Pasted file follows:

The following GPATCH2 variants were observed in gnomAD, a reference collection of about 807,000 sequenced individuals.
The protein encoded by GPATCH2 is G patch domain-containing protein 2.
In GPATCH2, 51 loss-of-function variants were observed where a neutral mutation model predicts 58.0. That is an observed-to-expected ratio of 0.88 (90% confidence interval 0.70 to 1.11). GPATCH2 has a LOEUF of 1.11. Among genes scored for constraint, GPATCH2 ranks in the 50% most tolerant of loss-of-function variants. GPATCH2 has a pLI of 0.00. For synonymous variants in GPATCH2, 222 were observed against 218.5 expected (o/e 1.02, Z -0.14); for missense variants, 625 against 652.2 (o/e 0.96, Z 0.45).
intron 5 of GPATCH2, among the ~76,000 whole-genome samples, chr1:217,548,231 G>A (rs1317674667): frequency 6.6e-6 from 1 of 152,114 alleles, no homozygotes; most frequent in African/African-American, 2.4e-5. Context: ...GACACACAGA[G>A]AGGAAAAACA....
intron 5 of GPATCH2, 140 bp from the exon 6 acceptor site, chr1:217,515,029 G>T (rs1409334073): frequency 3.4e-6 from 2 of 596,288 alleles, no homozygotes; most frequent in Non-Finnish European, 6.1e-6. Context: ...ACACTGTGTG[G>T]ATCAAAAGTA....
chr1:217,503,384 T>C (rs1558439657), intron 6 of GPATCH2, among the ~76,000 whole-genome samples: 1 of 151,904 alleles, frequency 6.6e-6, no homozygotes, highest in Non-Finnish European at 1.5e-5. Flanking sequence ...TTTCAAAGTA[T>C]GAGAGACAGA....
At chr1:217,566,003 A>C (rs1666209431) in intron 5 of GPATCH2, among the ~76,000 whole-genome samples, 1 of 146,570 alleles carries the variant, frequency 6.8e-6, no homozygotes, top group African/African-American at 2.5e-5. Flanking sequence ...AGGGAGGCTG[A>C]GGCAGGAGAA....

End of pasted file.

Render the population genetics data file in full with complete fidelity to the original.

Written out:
The following GPATCH2 variants were observed in gnomAD, a reference collection of about 807,000 sequenced individuals.
The protein encoded by GPATCH2 is G patch domain-containing protein 2.
In GPATCH2, 51 loss-of-function variants were observed where a neutral mutation model predicts 58.0. That is an observed-to-expected ratio of 0.88 (90% confidence interval 0.70 to 1.11). GPATCH2 has a LOEUF of 1.11. Among genes scored for constraint, GPATCH2 ranks in the 50% most tolerant of loss-of-function variants. GPATCH2 has a pLI of 0.00. For synonymous variants in GPATCH2, 222 were observed against 218.5 expected (o/e 1.02, Z -0.14); for missense variants, 625 against 652.2 (o/e 0.96, Z 0.45).
intron 5 of GPATCH2, among the ~76,000 whole-genome samples, chr1:217,548,231 G>A (rs1317674667): frequency 6.6e-6 from 1 of 152,114 alleles, no homozygotes; most frequent in African/African-American, 2.4e-5. Context: ...GACACACAGA[G>A]AGGAAAAACA....
intron 5 of GPATCH2, 140 bp from the exon 6 acceptor site, chr1:217,515,029 G>T (rs1409334073): frequency 3.4e-6 from 2 of 596,288 alleles, no homozygotes; most frequent in Non-Finnish European, 6.1e-6. Context: ...ACACTGTGTG[G>T]ATCAAAAGTA....
chr1:217,503,384 T>C (rs1558439657), intron 6 of GPATCH2, among the ~76,000 whole-genome samples: 1 of 151,904 alleles, frequency 6.6e-6, no homozygotes, highest in Non-Finnish European at 1.5e-5. Flanking sequence ...TTTCAAAGTA[T>C]GAGAGACAGA....
At chr1:217,566,003 A>C (rs1666209431) in intron 5 of GPATCH2, among the ~76,000 whole-genome samples, 1 of 146,570 alleles carries the variant, frequency 6.8e-6, no homozygotes, top group African/African-American at 2.5e-5. Flanking sequence ...AGGGAGGCTG[A>C]GGCAGGAGAA....